“A fun, but limited diversion that will appeal mostly to kids.”
- Cute characters
- Ok for kids
- Very little content
- Unresponsive controls
- You can see everything in an hour
The Kinect continues to try and find its groove. It is a learning process, and one that will put Kinect users through growing pains along the way. Developers will prod, pry, push and cajole until they find a mix that works. Some titles will find that sweet spot, while others won’t. The newest try for the Kinect is an natural and inevitable one—a snowboarding game.
Adrenalin Misfits is a game that was due out for Kinect sooner or later under one banner or another. It is an obvious translation– it is a game that is based on a sport where the majority of movement is naturally suited for a movement-based controller. Odds are you can expect more titles in the future of a similar slant; skateboarding, surfing, any board game where the momentum can be explained through the game, allowing the player to focus on the movement. Adrenalin Misfits is the first of no doubt many games of a similar ilk.
The game itself is a mixed result of success and boredom. A younger crowd will probably gravitate to the presentation, but the ultimately unfulfilling gameplay will not offer enough to satisfy the majority of people for long.
The Misfits’ style
There is no story to speak of, and adding a cast of characters known as the Misfits seems more designed to add a visually appealing look for kids than really add anything to the game. Sporting games in general tend to skip on story for obvious reasons, but since the game veers away from realism to include a series of cartoony characters, then names the game after them, it is worth noting that there really is no backstory.
The style and look of Adrenalin Misfits is a generic and unsurprising take on what a big company thinks kids will appreciate as “hip” and “edgy.” It is the same idea that has existed for more than twenty years under a dozen different equally generic banners. Maybe it is the “cool wolf,” or the “awesome skater,” but whatever the skin, it is the same thing at its core, and even though the characters in the game are original, they feel very familiar.
That isn’t necessarily a bad thing, but it is not a good one either, and it highlights a lack of originality. Maybe that isn’t an issue for a snowboarding game, but it does seem representative of the development that went into this game. Besides, you have the option to use your own avatar, which will probably appeal to fans more than some generic dog man that you unlock.
As you play through the various levels and challenges, you unlock new characters and boards that have unique attributes. The progression is minor, but it is there. The system to progress is fairly blasé though, and you simply play to open up more upgrades rather than do anything specific.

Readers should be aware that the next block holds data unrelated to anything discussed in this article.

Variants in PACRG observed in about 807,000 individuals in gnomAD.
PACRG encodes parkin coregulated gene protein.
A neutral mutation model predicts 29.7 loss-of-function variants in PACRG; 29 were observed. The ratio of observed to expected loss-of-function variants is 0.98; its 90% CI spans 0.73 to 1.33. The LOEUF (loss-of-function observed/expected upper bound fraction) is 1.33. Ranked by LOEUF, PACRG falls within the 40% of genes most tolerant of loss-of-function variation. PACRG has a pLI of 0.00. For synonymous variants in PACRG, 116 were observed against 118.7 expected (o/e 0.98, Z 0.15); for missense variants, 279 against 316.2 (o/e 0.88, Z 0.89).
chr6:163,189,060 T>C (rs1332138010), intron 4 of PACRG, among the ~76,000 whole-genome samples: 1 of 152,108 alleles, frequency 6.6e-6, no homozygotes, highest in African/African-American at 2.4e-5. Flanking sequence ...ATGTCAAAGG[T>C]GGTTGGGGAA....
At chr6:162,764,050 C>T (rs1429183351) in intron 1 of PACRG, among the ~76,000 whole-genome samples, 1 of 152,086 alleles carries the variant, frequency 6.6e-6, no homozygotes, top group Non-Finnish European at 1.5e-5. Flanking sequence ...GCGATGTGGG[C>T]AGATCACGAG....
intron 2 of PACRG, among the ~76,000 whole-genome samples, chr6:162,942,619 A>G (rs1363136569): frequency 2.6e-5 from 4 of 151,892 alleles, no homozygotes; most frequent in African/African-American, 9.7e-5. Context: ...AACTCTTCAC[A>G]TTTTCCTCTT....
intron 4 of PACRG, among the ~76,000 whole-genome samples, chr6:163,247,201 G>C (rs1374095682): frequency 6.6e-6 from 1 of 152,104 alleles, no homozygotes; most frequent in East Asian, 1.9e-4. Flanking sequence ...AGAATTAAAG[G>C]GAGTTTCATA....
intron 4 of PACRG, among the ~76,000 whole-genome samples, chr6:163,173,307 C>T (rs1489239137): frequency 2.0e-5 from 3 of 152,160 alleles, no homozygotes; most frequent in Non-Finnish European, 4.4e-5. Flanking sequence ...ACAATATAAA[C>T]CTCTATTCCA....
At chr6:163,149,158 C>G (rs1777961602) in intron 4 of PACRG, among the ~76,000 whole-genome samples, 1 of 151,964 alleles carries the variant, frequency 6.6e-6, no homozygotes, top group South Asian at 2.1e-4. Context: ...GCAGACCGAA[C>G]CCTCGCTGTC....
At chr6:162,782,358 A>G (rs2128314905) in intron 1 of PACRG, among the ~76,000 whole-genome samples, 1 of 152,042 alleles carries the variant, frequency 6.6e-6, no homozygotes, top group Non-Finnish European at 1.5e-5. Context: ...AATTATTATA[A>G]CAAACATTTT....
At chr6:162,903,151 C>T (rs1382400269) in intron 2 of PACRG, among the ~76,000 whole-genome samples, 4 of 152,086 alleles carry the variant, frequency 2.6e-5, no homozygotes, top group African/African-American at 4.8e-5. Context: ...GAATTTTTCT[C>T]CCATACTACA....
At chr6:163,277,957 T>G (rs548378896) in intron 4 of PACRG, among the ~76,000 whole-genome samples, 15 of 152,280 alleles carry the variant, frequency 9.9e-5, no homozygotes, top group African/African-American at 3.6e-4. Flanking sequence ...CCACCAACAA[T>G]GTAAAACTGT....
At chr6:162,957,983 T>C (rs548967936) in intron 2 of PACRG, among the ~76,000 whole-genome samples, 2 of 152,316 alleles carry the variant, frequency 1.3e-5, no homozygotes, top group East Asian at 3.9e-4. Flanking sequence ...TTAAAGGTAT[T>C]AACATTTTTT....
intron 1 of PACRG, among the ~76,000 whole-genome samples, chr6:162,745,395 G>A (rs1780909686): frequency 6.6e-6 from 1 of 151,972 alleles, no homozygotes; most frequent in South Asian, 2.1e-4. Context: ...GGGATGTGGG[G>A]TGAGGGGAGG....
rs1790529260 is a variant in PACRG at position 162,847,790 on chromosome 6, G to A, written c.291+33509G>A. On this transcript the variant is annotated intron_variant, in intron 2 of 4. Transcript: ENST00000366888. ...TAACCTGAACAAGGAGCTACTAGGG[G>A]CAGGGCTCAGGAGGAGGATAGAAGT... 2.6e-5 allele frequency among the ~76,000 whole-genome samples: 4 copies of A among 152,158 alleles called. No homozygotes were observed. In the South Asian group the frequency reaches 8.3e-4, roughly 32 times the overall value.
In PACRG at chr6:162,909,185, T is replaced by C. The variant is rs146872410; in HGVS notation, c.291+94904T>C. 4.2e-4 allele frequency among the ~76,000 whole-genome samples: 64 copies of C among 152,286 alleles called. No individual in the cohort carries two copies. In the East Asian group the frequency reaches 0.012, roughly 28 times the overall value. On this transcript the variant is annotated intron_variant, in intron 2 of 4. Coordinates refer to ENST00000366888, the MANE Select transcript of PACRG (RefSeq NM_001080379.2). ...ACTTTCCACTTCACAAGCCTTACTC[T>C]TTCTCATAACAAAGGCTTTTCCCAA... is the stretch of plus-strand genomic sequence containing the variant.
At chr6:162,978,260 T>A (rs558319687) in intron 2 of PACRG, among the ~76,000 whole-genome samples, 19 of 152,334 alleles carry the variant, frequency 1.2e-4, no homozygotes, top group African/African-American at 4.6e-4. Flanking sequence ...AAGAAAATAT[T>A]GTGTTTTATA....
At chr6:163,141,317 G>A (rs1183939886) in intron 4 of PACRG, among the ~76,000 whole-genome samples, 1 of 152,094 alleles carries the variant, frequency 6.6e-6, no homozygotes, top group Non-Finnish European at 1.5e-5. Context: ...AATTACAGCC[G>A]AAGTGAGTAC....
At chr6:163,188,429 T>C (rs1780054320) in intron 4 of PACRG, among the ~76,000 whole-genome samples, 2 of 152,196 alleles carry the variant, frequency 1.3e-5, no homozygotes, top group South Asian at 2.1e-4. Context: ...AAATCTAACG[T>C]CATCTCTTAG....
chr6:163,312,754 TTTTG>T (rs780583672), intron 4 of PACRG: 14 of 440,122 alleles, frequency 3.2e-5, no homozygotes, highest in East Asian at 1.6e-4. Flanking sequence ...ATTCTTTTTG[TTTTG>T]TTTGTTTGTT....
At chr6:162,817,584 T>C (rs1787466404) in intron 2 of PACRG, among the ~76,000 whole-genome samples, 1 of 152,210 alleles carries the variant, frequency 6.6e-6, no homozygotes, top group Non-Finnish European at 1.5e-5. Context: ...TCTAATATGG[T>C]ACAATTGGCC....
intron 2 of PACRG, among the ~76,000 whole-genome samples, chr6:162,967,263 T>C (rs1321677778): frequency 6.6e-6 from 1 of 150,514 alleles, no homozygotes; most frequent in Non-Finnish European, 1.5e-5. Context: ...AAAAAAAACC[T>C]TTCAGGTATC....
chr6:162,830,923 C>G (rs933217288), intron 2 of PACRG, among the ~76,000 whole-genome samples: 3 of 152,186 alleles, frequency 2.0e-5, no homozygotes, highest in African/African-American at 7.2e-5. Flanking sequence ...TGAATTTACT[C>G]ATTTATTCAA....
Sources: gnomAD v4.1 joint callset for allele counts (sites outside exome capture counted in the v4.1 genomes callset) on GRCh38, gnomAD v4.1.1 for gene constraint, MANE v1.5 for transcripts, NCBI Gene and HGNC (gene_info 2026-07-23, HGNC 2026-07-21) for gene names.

When it comes to a snowboarding game, the characters you use don’t matter compared to how the game plays. In Adrenalin Misfits, the game plays exactly how you might think. If you lean left, your character moves left; jump, and your character does the same, etc., etc.. You can also do tricks by moving in certain directions which activate tricks. It is exactly the same as you would think a snowboarding game for the Kinect would be, and nothing will surprise you.
The lag inherent in the Kinect is apparent, but not as bad as it is in other games. It does mean that tricks tend to be a mess, and you will probably do several movements, then just hope enough of them register before you hit the ground. To describe it in one word, it is “imprecise.”
Kids will probably find it fun, and two player battles between friends should offer a good distraction for younger fans, but older players and longtime gamers are likely to quickly find the game to be more of a novelty than a true snowboard simulator.
The various gametypes include downhill races, big jumps, half pipes, and a balloon grab (which is essentially a race with points earned by touching balloons). There are a few others, but they are all nearly identical, and they come down to either racing for the best time, or doing tricks for the best score.
From start to finish, the game feels more like a demo for what the Kinect can do than an actual game. There really isn’t much to it beyond the mechanics of moving to control your board, which is a shame because a little more development time and a more inspired approach to the game could have made this a breakout hit for the Kinect.
A fun, but limited diversion that will appeal mostly to kids, Adrenalin Misfits is likely to be the first of many boarding games on the Kinect. Odds are, it will also be quickly eclipsed by the first developer that is able to present more of a snowboarding game than just a means for the Kinect to be used.
Adrenalin Misfits is an inoffensive game that becomes lifeless once you have seen everything it has to offer — which should take less than an hour. It should appeal to the very young, and the “cute rebels” that make up the Misfits seem to be geared more towards that crowd. Adrenalin Misfits is a novelty, and one that amuses for a while, but quickly grows stale.
Score: 4.5 out of 10
(This game was reviewed on the Xbox 360 on a copy provided by Konami)
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